ATHENS (Reuters) - Greek Prime Minister Antonis Samaras on Wednesday faces the first of three rounds of a presidential vote that will determine whether the country is forced into snap national elections and a new period of political chaos.
Samaras’s conservative-leftist coalition is almost certain to fail in the first round, when it needs the support of 200 lawmakers in the 300-seat chamber to elect its nominee, Stavros Dimas. But the backing his coalition, which controls 155 deputies, garners will be closely watched as a sign of momentum for or against it ahead of a final, decisive vote on Dec. 29 when the super majority required for victory falls to 180.
Support of below 160 votes would be considered a blow for the government, while 170 or above would be considered a strong show that suggests Samaras can scrape together the votes needed in the final round, coalition officials have said.
The head of state is a largely ceremonial post in Greece. But failure to elect a president with a three-fifths majority in parliament triggers early elections, which opinion polls show would probably be won by the radical leftist Syriza party that promises to axe the bailout program Greece depends on to keep afloat.
Fears of a new chapter of prolonged political uncertainty have sent Greek stocks and bonds crashing since Samaras last week announced the presidential vote would be held this month instead of February. Greek stocks fell over 20 percent in three days last week while 10-year bond yields leapt over 9 percent.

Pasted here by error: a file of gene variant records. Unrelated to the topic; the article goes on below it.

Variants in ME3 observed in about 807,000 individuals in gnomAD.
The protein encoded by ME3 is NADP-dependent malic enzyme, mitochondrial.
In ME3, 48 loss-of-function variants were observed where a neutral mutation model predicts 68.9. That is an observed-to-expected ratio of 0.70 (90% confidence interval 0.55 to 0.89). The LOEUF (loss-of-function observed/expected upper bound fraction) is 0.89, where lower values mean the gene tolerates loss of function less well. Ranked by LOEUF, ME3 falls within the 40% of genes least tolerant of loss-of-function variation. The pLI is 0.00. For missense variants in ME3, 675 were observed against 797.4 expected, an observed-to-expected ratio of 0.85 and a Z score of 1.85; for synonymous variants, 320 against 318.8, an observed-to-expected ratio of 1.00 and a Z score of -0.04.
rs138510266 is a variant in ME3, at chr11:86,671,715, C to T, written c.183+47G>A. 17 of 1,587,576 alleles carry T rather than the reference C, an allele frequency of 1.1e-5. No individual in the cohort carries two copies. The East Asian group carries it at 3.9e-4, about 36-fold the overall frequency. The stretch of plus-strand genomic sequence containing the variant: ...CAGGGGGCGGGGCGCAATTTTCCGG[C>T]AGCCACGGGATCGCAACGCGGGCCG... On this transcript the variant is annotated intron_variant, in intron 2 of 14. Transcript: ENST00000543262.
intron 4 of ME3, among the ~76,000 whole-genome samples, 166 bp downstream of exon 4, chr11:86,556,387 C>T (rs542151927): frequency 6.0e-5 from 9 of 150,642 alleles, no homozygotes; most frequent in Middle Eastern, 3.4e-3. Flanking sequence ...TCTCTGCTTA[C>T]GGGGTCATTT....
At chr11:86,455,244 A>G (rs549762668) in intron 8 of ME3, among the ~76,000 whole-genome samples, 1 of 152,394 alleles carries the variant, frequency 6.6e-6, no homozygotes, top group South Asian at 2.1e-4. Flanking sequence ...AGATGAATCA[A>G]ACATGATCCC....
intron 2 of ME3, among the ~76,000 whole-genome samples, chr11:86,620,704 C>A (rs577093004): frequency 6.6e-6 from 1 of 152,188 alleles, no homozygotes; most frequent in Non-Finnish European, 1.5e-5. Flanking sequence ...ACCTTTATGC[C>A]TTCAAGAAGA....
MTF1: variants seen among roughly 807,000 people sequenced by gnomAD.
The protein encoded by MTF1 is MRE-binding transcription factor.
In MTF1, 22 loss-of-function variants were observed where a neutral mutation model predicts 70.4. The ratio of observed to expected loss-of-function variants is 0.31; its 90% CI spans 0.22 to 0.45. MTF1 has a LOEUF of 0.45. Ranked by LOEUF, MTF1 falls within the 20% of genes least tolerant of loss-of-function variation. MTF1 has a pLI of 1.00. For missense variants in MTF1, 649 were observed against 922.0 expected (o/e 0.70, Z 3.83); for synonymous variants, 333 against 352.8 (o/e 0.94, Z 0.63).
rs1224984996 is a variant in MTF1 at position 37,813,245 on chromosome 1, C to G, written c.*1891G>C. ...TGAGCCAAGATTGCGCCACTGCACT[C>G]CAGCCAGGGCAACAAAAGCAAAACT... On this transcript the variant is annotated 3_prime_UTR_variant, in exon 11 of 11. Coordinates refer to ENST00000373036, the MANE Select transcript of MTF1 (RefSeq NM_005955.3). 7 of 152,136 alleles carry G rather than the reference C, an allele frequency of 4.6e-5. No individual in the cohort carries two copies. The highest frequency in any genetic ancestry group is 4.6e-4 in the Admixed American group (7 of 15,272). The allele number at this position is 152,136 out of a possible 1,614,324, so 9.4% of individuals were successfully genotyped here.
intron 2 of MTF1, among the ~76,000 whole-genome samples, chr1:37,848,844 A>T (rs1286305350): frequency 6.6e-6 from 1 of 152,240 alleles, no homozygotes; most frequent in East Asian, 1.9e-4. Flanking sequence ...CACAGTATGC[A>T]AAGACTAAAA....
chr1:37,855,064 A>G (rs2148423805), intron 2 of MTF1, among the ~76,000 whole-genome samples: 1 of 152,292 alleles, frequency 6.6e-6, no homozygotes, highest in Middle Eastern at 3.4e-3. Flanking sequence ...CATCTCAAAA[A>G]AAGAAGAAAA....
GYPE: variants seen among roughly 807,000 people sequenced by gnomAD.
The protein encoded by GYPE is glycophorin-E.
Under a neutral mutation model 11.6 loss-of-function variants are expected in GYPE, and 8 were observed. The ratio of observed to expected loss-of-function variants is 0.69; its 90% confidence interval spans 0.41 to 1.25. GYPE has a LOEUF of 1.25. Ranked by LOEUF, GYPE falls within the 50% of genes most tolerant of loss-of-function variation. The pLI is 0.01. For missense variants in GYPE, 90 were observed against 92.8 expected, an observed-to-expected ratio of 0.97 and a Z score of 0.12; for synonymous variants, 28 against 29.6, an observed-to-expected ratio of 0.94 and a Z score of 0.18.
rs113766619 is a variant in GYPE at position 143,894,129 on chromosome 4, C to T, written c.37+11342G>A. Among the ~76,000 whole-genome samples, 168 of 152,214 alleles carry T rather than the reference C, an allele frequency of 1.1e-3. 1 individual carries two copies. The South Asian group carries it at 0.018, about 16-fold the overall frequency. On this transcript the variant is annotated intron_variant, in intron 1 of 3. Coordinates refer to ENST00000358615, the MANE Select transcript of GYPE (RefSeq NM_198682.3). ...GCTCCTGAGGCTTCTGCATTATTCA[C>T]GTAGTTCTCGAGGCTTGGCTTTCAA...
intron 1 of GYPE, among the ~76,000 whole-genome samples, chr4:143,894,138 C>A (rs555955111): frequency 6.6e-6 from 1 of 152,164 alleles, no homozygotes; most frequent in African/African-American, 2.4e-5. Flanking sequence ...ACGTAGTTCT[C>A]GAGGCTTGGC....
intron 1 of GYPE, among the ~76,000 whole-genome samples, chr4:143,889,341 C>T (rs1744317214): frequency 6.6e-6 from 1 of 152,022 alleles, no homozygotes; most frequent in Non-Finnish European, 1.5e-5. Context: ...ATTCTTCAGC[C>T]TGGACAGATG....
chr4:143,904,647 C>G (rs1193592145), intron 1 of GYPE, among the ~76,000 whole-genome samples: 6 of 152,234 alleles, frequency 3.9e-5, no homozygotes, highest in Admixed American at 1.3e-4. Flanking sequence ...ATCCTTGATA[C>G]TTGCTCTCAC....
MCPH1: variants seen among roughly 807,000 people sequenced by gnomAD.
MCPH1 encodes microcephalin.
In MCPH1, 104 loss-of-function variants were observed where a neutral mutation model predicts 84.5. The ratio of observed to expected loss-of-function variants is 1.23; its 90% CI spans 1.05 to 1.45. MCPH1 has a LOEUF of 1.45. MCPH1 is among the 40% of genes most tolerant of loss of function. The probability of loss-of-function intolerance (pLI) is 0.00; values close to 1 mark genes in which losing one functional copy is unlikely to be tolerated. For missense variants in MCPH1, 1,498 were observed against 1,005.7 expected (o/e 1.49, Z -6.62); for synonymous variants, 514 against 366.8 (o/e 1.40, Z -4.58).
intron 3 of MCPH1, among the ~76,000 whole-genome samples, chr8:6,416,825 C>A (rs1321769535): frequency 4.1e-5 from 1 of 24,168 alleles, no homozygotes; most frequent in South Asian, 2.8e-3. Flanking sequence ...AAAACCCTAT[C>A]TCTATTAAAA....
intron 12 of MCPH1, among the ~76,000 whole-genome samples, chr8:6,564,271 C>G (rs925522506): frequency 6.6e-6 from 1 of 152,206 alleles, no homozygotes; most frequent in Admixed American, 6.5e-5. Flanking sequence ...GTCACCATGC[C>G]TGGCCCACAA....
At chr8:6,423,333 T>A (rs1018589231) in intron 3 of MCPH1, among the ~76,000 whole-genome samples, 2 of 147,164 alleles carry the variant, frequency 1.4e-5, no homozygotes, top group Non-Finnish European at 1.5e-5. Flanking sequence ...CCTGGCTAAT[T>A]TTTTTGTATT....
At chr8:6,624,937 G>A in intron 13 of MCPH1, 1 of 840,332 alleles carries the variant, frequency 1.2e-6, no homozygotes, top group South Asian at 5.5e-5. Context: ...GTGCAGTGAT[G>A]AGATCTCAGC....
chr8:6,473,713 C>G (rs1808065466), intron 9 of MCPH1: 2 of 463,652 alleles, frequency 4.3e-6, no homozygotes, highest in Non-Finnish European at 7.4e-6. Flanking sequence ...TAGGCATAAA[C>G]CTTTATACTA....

“Greeks demand that we fight united, to safeguard everything we achieved with bloody sacrifices in the last few years, and lead them safely to finally exit the crisis,” Samaras said in an appeal to lawmakers on Tuesday.
Samaras has warned of a “catastrophic” return to the height of Greece’s debt crisis - when it risked being driven out of the euro zone - if his government falls, while Syriza has accused him of scare-mongering and blackmail to win support. Samaras is an “architect of chaos, who invests in a climate of fear-mongering”, Syriza spokesman Panos Skourletis said.
Both sides are battling to win over a pool of about two dozen independent lawmakers whose votes will decide the outcome. Of these, seven have said they will support Samaras and eight have declared against.
Samaras will also need the support of at least a few lawmakers from two small parties, the Independent Greeks and the Democratic Left, to win the final round but both parties have so far said they would vote against the government.
A second round vote is scheduled for Dec. 23.
Writing by Deepa Babington